One of Africa’s greatest press predators (the one up north, on the other side of the Limpopo) is going to get a lot more local media coverage after the Zimbabwe Media Commission granted publishing licenses to five papers, including the long-banned The Daily News and Trevor Ncube’s soon-to-be-launched NewsDay.
Bob Mugabe is keeping good company. Along with Muammar Gaddafi, dreaded Nigerian police chief Ogbonna Onovo and Italy’s deadly mafia like the Cosa Nostra, the Camorra, and the ’Ndrangheta, Mugabe has earned a reputation for being one of the world’s worst greatest enemies of media freedom.
He earned this badge of dishonour from Reporters Without Borders (RFP) who recently published a list of 40 politicians, government officials, religious leaders, militias and criminal organisations that treat the media as the enemy, directly attack journalists and generally make reporters’ lives a living hell. The RFP calls the frightful forty “powerful, dangerous, violent and above the law.”
Mugabe earned his place amongst the frightful forty for spying on editors to assess their party allegiance during elections, arbitrarily arresting journalists, and being the mastermind behind the Access to Information and Protection of Privacy Act (AIPPA) which all but ended independent media in Zimbabwe. It was certainly the death knell for The Daily News which, at one time, was the country’s most popular and well-read daily.
It’s unlikely that Mugabe will be taken off the list because of the decision by the Zimbabwe Media Council to bring independent dailies back to the country. The council this week granted publishing licences to The Daily News, NewsDay, The Daily Gazette (that reportedly has ties to Mugabe’s ZANU-PF), The Mail (also linked to ZANU-PF), and The Worker, which is a weekly title run by the Zimbabwe Congress of Trade Unions.
The Committee to Protect Journalists (CPJ) says The Daily News will resume publishing under its one-time editor, Geoffrey Nyarota, a CPJ International Press Freedom Awardee.
NewsDay is to be published by M&G Media’s Trevor Ncube, who told The New York Times: “Zimbabweans will be ready to have an alternative — not to buy only what the government wants them to read and hear. That’s going to be hugely empowering and liberating for Zimbabwe.” M&G Media are the owners of local investigative heavyweight press, The Mail & Guardian. Ncube also owns the two independent Zimbabwean weeklies, Zimbabwe Independent and The Standard, that managed to survive Mugabe’s draconian media laws. Both papers are printed outside the country, then shipped into Zimbabwe.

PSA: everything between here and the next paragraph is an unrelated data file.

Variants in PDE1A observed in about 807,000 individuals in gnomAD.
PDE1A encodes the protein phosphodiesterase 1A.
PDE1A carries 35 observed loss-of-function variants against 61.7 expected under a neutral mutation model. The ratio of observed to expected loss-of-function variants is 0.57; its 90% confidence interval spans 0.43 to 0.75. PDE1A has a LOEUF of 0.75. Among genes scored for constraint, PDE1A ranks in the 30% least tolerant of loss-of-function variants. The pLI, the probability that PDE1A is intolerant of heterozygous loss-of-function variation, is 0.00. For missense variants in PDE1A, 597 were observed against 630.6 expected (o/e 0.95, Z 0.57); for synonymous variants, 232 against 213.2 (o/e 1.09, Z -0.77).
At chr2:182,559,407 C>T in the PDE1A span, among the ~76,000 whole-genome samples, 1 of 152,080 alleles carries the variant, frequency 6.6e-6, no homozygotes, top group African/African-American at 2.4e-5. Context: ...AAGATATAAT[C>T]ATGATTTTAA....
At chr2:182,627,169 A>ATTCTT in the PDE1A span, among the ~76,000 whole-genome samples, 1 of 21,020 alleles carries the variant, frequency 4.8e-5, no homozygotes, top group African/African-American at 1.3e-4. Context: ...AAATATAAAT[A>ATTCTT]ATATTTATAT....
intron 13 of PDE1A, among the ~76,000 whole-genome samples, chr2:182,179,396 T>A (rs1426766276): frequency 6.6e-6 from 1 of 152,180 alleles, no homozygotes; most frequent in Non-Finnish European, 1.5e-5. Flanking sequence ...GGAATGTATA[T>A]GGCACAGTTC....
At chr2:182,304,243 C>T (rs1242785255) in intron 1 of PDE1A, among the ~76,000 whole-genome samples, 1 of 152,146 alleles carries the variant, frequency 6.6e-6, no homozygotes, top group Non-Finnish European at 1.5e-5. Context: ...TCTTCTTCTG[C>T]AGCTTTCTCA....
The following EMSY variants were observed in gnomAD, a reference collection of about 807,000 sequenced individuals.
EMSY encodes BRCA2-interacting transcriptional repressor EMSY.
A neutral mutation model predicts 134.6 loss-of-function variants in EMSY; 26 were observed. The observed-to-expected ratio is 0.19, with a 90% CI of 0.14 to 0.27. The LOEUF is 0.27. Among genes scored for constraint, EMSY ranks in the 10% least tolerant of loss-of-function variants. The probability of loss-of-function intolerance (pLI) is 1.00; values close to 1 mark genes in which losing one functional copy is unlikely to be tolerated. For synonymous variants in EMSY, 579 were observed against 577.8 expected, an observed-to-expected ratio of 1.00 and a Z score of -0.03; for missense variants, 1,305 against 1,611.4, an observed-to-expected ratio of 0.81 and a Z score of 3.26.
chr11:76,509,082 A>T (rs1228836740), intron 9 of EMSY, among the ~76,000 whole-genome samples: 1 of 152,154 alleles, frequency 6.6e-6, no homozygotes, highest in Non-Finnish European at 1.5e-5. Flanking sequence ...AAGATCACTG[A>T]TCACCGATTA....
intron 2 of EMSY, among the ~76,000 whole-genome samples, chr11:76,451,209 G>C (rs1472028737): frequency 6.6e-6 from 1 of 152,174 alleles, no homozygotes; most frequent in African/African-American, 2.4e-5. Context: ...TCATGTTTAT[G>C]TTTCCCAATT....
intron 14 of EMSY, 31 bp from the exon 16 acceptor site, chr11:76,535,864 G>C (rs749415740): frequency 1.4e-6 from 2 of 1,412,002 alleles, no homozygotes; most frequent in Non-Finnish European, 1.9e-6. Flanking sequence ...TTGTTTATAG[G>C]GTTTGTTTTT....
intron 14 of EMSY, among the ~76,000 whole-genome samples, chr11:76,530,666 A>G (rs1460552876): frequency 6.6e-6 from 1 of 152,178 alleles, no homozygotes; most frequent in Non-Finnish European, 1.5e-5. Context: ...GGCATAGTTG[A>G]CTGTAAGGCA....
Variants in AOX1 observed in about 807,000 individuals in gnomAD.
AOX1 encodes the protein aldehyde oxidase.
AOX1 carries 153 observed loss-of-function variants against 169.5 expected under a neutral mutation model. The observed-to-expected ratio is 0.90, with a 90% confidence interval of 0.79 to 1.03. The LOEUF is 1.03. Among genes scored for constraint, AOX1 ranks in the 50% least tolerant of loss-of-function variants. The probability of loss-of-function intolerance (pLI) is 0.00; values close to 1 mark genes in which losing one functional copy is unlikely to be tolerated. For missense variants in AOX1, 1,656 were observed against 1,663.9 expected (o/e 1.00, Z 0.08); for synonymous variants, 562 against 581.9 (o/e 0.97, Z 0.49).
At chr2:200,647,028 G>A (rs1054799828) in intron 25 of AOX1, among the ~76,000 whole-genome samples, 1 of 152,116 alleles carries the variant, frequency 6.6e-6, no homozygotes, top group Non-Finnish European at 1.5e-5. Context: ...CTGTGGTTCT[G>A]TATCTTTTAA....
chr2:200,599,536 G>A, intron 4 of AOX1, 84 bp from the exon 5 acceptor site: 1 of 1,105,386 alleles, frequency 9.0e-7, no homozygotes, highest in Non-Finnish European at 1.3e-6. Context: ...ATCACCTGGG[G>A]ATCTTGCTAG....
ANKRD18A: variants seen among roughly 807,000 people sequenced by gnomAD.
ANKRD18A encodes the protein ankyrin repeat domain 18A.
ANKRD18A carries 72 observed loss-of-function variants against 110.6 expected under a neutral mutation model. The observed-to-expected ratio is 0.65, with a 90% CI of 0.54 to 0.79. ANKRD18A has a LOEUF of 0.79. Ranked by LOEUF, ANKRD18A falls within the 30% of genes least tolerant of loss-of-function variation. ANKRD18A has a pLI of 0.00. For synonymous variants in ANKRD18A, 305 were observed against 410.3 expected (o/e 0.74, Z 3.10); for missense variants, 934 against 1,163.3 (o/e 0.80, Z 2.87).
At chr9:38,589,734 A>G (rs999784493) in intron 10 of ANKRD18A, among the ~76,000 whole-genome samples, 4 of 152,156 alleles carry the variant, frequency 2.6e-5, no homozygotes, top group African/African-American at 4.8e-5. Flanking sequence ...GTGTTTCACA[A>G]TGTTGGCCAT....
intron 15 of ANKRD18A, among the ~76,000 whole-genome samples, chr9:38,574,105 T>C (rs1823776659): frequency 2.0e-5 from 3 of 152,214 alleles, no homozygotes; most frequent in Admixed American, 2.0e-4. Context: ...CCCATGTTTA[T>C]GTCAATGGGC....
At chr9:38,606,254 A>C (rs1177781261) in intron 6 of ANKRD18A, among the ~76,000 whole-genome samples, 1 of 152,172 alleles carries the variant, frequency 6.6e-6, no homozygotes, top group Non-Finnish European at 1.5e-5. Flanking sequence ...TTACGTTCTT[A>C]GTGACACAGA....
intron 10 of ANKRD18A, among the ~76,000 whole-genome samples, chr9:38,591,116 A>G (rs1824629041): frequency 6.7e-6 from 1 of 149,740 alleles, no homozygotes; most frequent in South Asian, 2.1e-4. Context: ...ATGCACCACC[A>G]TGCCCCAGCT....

In terms of every day news, to date Zimbabweans have been force fed a daily staple of propaganda courtesy of the government-owned The Herald. The New York Times reports that on the day the new publishing licenses were granted, The Herald offered the usual state evangelism. “A story about the politburo of Mr. Mugabe’s ZANU-PF party declaring itself ready for elections made the front page. On the editorial page, Jonathan Moyo, a former information minister, characterized the Movement for Democratic Change, the longstanding opposition party now sharing power with Mr. Mugabe, as a treacherous, foreign-financed entity that only now realizes that “history has been kind enough to give them the rare opportunity to work under an iconic African leader with a towering global stature.” Another editorial was headlined “Democratic reform: New fad of subversion’.”
Time will tell whether Mugabe will resort to form by intimidating journalists and threatening a newly launched independent daily press, but the big challenge for the new newspapers is likely to be creating a sustainable business in Zimbabwe’s crippled economy.
By Mandy de Waal
Photo: Trevor Ncube, Chief Executive of the weekly ‘The Independent’ newspaper sells copies of his paper in the morning rush hour traffiic in downtown Harare October 19, 2001. Ncube took to the streets in protest at a crackdown by police on vendors selling their newspapers to motorists. REUTERS/Howard Burditt.
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